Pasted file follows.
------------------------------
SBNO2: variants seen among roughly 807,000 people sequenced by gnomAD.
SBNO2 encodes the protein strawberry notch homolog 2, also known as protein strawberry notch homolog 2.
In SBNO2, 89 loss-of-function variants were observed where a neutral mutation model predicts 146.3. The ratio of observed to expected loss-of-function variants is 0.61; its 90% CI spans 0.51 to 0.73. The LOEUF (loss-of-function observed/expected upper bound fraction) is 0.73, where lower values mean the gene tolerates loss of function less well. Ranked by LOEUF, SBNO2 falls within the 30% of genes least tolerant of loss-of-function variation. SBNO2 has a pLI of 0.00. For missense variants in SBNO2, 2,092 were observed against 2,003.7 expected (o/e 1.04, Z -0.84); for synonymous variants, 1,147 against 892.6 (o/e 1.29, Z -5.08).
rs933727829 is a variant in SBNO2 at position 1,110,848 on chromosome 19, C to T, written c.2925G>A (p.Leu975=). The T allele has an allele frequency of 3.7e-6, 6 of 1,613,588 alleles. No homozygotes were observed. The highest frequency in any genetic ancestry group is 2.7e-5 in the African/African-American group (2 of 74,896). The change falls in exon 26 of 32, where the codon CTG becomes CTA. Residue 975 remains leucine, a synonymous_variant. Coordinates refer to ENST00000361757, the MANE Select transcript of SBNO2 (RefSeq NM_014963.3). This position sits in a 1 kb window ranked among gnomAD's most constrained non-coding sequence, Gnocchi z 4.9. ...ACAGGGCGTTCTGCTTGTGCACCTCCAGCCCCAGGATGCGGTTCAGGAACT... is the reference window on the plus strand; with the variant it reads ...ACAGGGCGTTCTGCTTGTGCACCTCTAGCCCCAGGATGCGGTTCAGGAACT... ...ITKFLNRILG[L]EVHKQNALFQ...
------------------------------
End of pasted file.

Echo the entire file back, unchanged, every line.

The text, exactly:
SBNO2: variants seen among roughly 807,000 people sequenced by gnomAD.
SBNO2 encodes the protein strawberry notch homolog 2, also known as protein strawberry notch homolog 2.
In SBNO2, 89 loss-of-function variants were observed where a neutral mutation model predicts 146.3. The ratio of observed to expected loss-of-function variants is 0.61; its 90% CI spans 0.51 to 0.73. The LOEUF (loss-of-function observed/expected upper bound fraction) is 0.73, where lower values mean the gene tolerates loss of function less well. Ranked by LOEUF, SBNO2 falls within the 30% of genes least tolerant of loss-of-function variation. SBNO2 has a pLI of 0.00. For missense variants in SBNO2, 2,092 were observed against 2,003.7 expected (o/e 1.04, Z -0.84); for synonymous variants, 1,147 against 892.6 (o/e 1.29, Z -5.08).
rs933727829 is a variant in SBNO2 at position 1,110,848 on chromosome 19, C to T, written c.2925G>A (p.Leu975=). The T allele has an allele frequency of 3.7e-6, 6 of 1,613,588 alleles. No homozygotes were observed. The highest frequency in any genetic ancestry group is 2.7e-5 in the African/African-American group (2 of 74,896). The change falls in exon 26 of 32, where the codon CTG becomes CTA. Residue 975 remains leucine, a synonymous_variant. Coordinates refer to ENST00000361757, the MANE Select transcript of SBNO2 (RefSeq NM_014963.3). This position sits in a 1 kb window ranked among gnomAD's most constrained non-coding sequence, Gnocchi z 4.9. ...ACAGGGCGTTCTGCTTGTGCACCTCCAGCCCCAGGATGCGGTTCAGGAACT... is the reference window on the plus strand; with the variant it reads ...ACAGGGCGTTCTGCTTGTGCACCTCTAGCCCCAGGATGCGGTTCAGGAACT... ...ITKFLNRILG[L]EVHKQNALFQ...